IASB provides accounting relief for lessees who receive rent concessions
On Friday 15 May 2020 at a supplementary International Accounting Standards Board (IASB) meeting, the IASB decided to provide lessees with a practical expedient in accounting for particular COVID-19-related rent concessions. The practical expedient does not address lessor accounting.
The IASB expects to issue the amendment to IFRS 16 on or around 28 May 2020. A lessee shall apply the amendment for annual reporting periods beginning on or after 1 June 2020. Earlier application is permitted, including in annual and interim financial statements not yet authorised for issue at the date the amendment is issued.
It is anticipated that the New Zealand Accounting Standards Board will issue a New Zealand version of the amendments in due course, with the same effective date.
Why did the IASB decide to amend IFRS 16?
Many lessors have provided, or are expected to provide, rent concessions to lessees as a result of the COVID-19 pandemic. This is particularly prevalent in the retail industry and, in some cases, is encouraged or required by government. Rent concessions provided include rent holidays or rent reductions for a period of time, possibly followed by increased rent payments in future periods.
Lessees may have difficulty:
- Assessing whether a potentially large volume of COVID-19-related rent concessions are lease modifications; and
- Applying the required accounting in IFRS 16 to those that are lease modifications.
What is the amendment to IFRS 16?
The IASB has decided to amend IFRS 16 to permit lessees, as a practical expedient, not to assess whether particular COVID-19-related rent concessions are lease modifications. Instead, lessees that apply the practical expedient would account for those rent concessions as if they were not lease modifications.
Starting point - Assess whether a rent concession is within the scope of this amendment
The practical expedient applies to rent concessions only if all of the following conditions are met:
- The rent concession occurs as a direct consequence of the COVID-19 pandemic;
- The change in lease payments results in revised consideration for the lease that is substantially the same as, or less than, the consideration for the lease immediately preceding the change;
- Any reduction in lease payments affects only payments originally due on or before 30 June 2021 (for example, a rent concession would meet this condition if it results in reduced lease payments before 30 June 2021 and increased lease payments that extend beyond 30 June 2021); and
- There is no substantive change to other terms and conditions of the lease.
What are the accounting consequences if the rent concession is outside the scope of this amendment?
The lessee will need to assess whether the rent concession meets the definition of a lease modification or not. IFRS 16 defines a lease modification as “A change in the scope of a lease, or the consideration for a lease, that was not part of the original terms and conditions of the lease (for example, adding or terminating the right to use one or more underlying assets, or extending or shortening the contractual lease term)”. This assessment might be difficult. For example, a lease contract or applicable law or regulation may contain clauses, such as force majeure, which were developed without contemplating the COVID-19 pandemic. It may be difficult to determine whether rent concessions offered—or mandated by government—are captured by the operation of such clauses.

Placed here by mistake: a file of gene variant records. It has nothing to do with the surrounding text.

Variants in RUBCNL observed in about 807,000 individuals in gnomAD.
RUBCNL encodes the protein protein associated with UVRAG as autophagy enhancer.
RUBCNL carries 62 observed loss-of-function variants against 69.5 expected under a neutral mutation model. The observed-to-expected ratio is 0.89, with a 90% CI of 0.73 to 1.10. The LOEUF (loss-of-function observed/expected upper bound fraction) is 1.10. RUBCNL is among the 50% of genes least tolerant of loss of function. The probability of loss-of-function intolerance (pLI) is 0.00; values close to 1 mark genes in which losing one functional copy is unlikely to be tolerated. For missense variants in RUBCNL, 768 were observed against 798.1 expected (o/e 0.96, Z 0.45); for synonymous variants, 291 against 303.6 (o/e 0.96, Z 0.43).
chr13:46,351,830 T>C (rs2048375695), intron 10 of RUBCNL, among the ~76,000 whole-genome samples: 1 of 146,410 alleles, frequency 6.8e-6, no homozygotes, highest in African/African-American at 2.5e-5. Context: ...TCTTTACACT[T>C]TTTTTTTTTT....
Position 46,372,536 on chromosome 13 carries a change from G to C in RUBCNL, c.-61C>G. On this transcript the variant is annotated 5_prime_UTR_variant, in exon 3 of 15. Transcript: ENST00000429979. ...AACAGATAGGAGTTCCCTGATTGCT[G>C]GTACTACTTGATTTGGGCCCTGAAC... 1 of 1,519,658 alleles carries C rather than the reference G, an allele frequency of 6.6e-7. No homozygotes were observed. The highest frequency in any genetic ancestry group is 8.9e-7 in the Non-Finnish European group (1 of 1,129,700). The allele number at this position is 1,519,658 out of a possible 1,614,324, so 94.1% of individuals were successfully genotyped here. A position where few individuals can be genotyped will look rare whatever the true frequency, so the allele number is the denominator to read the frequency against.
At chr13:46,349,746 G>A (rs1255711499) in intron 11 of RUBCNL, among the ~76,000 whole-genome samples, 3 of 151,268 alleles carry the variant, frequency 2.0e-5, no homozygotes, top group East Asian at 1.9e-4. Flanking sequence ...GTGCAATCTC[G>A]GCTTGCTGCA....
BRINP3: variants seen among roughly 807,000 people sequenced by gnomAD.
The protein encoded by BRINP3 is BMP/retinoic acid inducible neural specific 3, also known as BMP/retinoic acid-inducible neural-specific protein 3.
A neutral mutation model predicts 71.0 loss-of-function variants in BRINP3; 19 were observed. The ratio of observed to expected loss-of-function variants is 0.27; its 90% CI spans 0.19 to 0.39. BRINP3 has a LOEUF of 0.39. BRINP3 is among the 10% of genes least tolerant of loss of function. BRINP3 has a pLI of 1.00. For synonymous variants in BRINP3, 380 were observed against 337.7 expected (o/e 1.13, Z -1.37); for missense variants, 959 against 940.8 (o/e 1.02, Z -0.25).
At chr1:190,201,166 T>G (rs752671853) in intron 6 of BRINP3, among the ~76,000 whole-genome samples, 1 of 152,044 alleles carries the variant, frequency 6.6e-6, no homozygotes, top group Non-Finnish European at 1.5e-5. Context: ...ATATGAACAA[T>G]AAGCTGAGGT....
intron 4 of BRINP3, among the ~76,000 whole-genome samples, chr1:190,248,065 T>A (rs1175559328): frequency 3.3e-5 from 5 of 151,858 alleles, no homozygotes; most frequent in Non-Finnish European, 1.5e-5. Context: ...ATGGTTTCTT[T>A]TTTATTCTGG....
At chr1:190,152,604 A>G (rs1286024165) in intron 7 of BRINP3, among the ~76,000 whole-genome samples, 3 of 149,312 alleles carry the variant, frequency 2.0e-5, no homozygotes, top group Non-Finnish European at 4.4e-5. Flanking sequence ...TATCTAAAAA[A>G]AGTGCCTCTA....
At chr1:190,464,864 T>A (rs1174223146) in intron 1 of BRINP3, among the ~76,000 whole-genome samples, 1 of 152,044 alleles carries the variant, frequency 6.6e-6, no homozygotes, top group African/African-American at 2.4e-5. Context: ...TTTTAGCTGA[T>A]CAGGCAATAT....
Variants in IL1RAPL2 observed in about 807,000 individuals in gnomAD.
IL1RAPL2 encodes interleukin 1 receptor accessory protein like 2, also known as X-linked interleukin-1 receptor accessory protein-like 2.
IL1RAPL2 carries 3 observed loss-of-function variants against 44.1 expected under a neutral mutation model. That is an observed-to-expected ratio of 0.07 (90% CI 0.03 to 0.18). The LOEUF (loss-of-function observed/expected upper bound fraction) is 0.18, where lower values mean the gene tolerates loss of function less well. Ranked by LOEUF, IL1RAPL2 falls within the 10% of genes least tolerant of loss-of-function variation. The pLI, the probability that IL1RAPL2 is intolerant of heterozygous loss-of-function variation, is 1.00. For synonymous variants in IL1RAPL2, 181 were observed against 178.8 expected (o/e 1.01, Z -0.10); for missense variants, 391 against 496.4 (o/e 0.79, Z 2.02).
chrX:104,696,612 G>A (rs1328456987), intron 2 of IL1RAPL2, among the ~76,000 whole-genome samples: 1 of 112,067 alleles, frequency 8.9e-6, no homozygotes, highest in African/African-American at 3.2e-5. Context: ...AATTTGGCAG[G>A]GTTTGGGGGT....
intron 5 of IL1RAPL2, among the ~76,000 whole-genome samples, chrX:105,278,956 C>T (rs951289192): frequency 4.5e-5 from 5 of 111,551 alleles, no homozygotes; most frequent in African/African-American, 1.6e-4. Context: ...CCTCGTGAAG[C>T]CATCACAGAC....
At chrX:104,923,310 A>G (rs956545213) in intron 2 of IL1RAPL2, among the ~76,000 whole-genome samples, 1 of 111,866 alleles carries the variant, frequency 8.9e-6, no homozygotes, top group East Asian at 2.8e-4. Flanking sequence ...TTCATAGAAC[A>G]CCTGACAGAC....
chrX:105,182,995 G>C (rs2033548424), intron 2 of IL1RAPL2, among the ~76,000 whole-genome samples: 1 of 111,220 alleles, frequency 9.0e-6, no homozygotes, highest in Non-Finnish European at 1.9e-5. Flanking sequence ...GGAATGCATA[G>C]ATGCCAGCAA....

Revised lease payments as a result of a rent holiday or 6-month reduction in lease payments will often meet the definition of a lease modification and therefore result in the following accounting treatment under IFRS 16:
- Remeasurement of the lease liability by discounting the revised (e.g. reduced) lease payments using a revised discount rate;
- A corresponding decrease in the carrying amount of the related right-of-use asset; and
- Reducing depreciation over the remainder of the lease term.
What are the accounting consequences if the rent concession is within the scope of this amendment?
As a practical expedient, a lessee may elect not to assess whether a COVID-19-related rent concession is a lease modification. A lessee that makes this election shall account for any change in lease payments resulting from the COVID-19-related rent concession the same way it would account for a change applying IFRS 16 if the change were not a lease modification.
IFRS 16 states that if a change in lease payments does not result from a lease modification, the change in lease payments would generally be accounted for as a variable lease payment. The lessee is required to apply paragraph 38 of IFRS 16 and generally recognises the change in payments in profit or loss in the period in which the event or condition that triggers those payments occurs. It could be argued that the event or condition that triggers the negative variable payments (i.e. rent concessions) is the granting of the rent concessions to the lessee by the lessor or government. The granting of a rent concession will therefore lead to a profit or loss impact at the time when the rent concession is granted. For example, if a lessor provides rent relief to a lessee before 30 June 2020 and it meets all the criteria as required by the amendment to IFRS 16 (e.g. relates to lease payments originally due before 30 June 2021), then the profit or loss impact of the variable lease payments will be recognised in the 30 June 2020 financial statements.
A lessee that chooses to apply the practical expedient applies it consistently to all lease contracts with similar characteristics and in similar circumstances, as already specified by paragraph 2 of IFRS 16 and additional disclosures will be required.